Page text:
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Coronary Artery Spasm
Coronary vasospasm is a sudden, intense vasoconstriction of an epicardial coronary artery that causes occlusion (stoppage) or near-occlusion of the vessel. It can cause Prinzmetal's angina. It can occur in multiple vessels.[1][2] Atropine
Atropine
has been used to treat the condition.[3] See also[edit]Angiography Cardiac CT Myocardial bridgeReferences[edit]^ Ahooja V, Thatai D (July 2007). "Multivessel coronary vasospasm mimicking triple-vessel obstructive coronary artery disease". J Invasive Cardiol. 19 (7): E178–81. PMID 17620681. Archived from the original on 2009-01-16.  ^ Miwa K, Ishii K, Makita T, Okuda N (May 2004). "Diagnosis of multivessel coronary vasospasm by detecting postischemic regional left ventricular delayed relaxation on echocardiography using color kinesis". Circ. J. 68 (5): 483–7. doi:10.1253/circj.68.483. PMID 15118293
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Specialty (medicine)
A specialty, or speciality, in medicine is a branch of medical practice. After completing medical school, physicians or surgeons usually further their medical education in a specific specialty of medicine by completing a multiple year residency to become a medical specialist.[1]Contents1 History of medical specialization 2 Classification of medical specialization 3 Specialties that are common worldwide 4 List of specialties recognized in the European Union and European Economic Area 5 List of North American medical specialties and others 6 Physician
Physician
compensation 7 Specialties by country7.1 Australia and New Zealand 7.2 Canada 7.3 Germany 7.4 India 7.5 United States 7.6 Specialty and Physician
Physician
Location8 Other uses 9 Training 10 Satisfaction 11 See also 12 ReferencesHistory of medical specialization[edit] To a certain extent, medical practitioners have always been specialized
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Constrictive Pericarditis
Constrictive pericarditis
Constrictive pericarditis
is a medical condition characterized by a thickened, fibrotic pericardium, limiting the heart's ability to function normally.[1] In many cases, the condition continues to be difficult to diagnose and therefore benefits from a good understanding of the underlying cause.[2]Contents1 Signs and symptoms 2 Causes 3 Pathophysiology 4 Diagnosis 5 Treatment 6 References 7 Further reading 8 External linksSigns and symptoms[edit] Signs and symptoms of constrictive pericarditis are consistent with the following: fatigue, swollen abdomen, difficulty breathing (dyspnea), swelling of legs and general weakness. Related conditions are bacterial pericarditis, pericarditis and pericarditis after a heart attack.[1] Causes[edit] The cause of constrictive pericarditis in the developing world are idiopathic in origin, though likely infectious in nature
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Myocardial Infarction Complications
Myocardial infarction
Myocardial infarction
complications may occur immediately following a heart attack (in the acute phase), or may need time to develop (a chronic problem). After an infarction, an obvious complication is a second infarction, which may occur in the domain of another atherosclerotic coronary artery, or in the same zone if there are any live cells left in the infarct.Contents1 Congestive heart failure 2 Myocardial rupture 3 Arrhythmia 4 Pericarditis 5 Cardiogenic shock 6 ReferencesCongestive heart failure[edit] Main article: Congestive heart failure A myocardial infarction may compromise the function of the heart as a pump for the circulation, a state called heart failure. There are different types of heart failure; left- or right-sided (or bilateral) heart failure may occur depending on the affected part of the heart, and it is a low-output type of failure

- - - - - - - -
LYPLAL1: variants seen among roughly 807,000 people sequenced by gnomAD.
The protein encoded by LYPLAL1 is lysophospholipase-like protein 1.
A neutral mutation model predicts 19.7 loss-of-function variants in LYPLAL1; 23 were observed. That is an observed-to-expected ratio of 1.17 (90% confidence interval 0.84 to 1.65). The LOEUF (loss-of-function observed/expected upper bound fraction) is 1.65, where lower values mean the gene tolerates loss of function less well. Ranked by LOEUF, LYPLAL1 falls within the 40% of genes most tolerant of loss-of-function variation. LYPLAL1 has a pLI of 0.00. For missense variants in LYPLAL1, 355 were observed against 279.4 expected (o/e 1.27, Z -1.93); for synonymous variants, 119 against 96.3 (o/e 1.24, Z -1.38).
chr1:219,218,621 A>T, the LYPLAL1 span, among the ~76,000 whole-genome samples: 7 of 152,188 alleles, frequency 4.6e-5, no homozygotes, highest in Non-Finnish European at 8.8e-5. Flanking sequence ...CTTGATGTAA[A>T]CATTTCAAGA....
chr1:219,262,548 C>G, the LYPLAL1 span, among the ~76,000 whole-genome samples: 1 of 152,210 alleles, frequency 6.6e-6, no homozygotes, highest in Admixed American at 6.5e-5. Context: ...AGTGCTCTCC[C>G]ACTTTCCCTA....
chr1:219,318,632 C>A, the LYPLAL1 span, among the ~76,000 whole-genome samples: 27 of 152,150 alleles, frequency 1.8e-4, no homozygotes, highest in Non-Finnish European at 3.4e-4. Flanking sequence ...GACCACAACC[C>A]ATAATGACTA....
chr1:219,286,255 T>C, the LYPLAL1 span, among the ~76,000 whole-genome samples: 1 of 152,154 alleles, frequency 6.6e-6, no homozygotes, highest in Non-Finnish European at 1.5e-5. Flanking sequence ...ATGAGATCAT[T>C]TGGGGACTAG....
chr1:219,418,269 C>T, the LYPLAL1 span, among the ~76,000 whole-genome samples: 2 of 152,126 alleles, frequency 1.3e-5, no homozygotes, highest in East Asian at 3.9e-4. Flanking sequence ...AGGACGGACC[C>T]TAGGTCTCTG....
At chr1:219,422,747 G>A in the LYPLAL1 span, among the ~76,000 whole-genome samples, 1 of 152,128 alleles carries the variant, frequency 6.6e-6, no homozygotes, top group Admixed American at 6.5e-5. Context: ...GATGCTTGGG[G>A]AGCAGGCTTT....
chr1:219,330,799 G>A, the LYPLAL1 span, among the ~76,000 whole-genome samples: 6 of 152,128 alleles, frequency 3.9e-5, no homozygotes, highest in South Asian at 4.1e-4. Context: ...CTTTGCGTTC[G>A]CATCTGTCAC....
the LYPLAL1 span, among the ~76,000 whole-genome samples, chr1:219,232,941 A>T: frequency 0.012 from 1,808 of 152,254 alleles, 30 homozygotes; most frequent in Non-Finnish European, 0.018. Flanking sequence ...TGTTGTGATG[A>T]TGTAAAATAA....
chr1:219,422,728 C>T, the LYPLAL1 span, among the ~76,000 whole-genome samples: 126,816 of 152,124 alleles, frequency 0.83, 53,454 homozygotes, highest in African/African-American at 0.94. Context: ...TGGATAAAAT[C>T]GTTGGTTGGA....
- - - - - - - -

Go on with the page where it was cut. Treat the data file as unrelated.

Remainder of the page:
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Hibernating Myocardium
In cardiology, hibernating myocardium is a state when some segments of the myocardium exhibit abnormalities of contractile function.[1] These abnormalities can be visualised with echocardiography, cardiac magnetic resonance imaging (CMR), nuclear medicine (PET) or ventriculography. Echocardiography: A wall motion abnormality at rest which improves during a low-dose dobutamine stress test is classified as "hibernating myocardium". Low dose dobutamine stimulates contractile function and thus helps to predict functional recovery after revascularization. Cardiac magnetic resonance: The most frequently used MR contrast agents based on Gd-chelates accumulate in the extracellular space which is increased in scarred myocardium. This leads to a signal increase which can be visualised with the "late gadolinium enhancement technique". This is probably the most accurate way to visualise scarred myocardium
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Myocardial Stunning
In cardiology, stunned myocardium is a state when some section of the myocardium (corresponding to area of a major coronary occlusion) shows a form of contractile abnormality. This is a segmental dysfunction which persists for a variable period of time, about two weeks, even after ischemia has been relieved (by for instance angioplasty or coronary artery bypass surgery). In this situation, while myocardial blood flow (MBF) returns to normal, function is still depressed for a variable period of time. Myocardial stunning is the reversible reduction of function of heart contraction[1] after reperfusion not accounted for by tissue damage or reduced blood flow.[2] After total ischemia occurs, the myocardium switches immediately from aerobic glycolysis to anaerobic glycolysis resulting in the reduced ability to produce high energy phosphates such as ATP and Creatinine Phosphate
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Myocardial Rupture
Myocardial rupture is a laceration of the ventricles or atria of the heart, of the interatrial or interventricular septum, or of the papillary muscles. It is most commonly seen as a serious sequela of an acute myocardial infarction (heart attack). It can also be caused by trauma.[1]Contents1 Signs and symptoms 2 Causes 3 Diagnosis3.1 Classification4 Treatment 5 Prognosis 6 Incidence 7 ReferencesSigns and symptoms[edit] Symptoms of myocardial rupture are recurrent or persistent chest pain, syncope, and distension of jugular vein
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Ventricular Aneurysm
Ventricular aneurysms are one of the many complications that may occur after a heart attack. The word aneurysm refers to a bulge or ‘pocketing’ of the wall or lining of a vessel commonly occurring in the blood vessels at the base of the septum, or within the aorta. In the heart, they usually arise from a patch of weakened tissue in a ventricular wall, which swells into a bubble filled with blood.[1] This, in turn, may block the passageways leading out of the heart, leading to severely constricted blood flow to the body. Ventricular aneurysms can be fatal. They are usually non-rupturing because they are lined by scar tissue. A left ventricular aneurysm can be associated with ST elevation.[2]Contents1 Signs and symptoms 2 Causes 3 Diagnosis3.1 Differential diagnosis4 Treatment 5 See also 6 References 7 Further readingSigns and symptoms[edit] Ventricular aneurysms usually grow at a very slow pace, but can still pose problems